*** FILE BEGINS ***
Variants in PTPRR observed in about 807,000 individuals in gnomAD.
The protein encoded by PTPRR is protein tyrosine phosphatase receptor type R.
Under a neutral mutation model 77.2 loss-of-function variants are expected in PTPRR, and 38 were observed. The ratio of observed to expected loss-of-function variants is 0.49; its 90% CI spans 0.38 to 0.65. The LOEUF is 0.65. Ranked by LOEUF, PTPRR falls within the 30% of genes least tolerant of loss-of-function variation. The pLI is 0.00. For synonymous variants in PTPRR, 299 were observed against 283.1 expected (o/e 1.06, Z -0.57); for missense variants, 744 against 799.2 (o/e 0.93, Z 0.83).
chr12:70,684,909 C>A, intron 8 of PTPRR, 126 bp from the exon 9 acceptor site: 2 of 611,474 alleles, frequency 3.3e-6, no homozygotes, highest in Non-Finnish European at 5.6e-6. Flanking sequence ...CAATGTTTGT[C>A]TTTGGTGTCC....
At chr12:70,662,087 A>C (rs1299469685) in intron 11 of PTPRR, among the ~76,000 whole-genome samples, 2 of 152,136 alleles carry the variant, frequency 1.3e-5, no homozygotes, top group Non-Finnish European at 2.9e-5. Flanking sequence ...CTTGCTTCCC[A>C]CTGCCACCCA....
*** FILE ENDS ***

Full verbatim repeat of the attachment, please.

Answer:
Variants in PTPRR observed in about 807,000 individuals in gnomAD.
The protein encoded by PTPRR is protein tyrosine phosphatase receptor type R.
Under a neutral mutation model 77.2 loss-of-function variants are expected in PTPRR, and 38 were observed. The ratio of observed to expected loss-of-function variants is 0.49; its 90% CI spans 0.38 to 0.65. The LOEUF is 0.65. Ranked by LOEUF, PTPRR falls within the 30% of genes least tolerant of loss-of-function variation. The pLI is 0.00. For synonymous variants in PTPRR, 299 were observed against 283.1 expected (o/e 1.06, Z -0.57); for missense variants, 744 against 799.2 (o/e 0.93, Z 0.83).
chr12:70,684,909 C>A, intron 8 of PTPRR, 126 bp from the exon 9 acceptor site: 2 of 611,474 alleles, frequency 3.3e-6, no homozygotes, highest in Non-Finnish European at 5.6e-6. Flanking sequence ...CAATGTTTGT[C>A]TTTGGTGTCC....
At chr12:70,662,087 A>C (rs1299469685) in intron 11 of PTPRR, among the ~76,000 whole-genome samples, 2 of 152,136 alleles carry the variant, frequency 1.3e-5, no homozygotes, top group Non-Finnish European at 2.9e-5. Flanking sequence ...CTTGCTTCCC[A>C]CTGCCACCCA....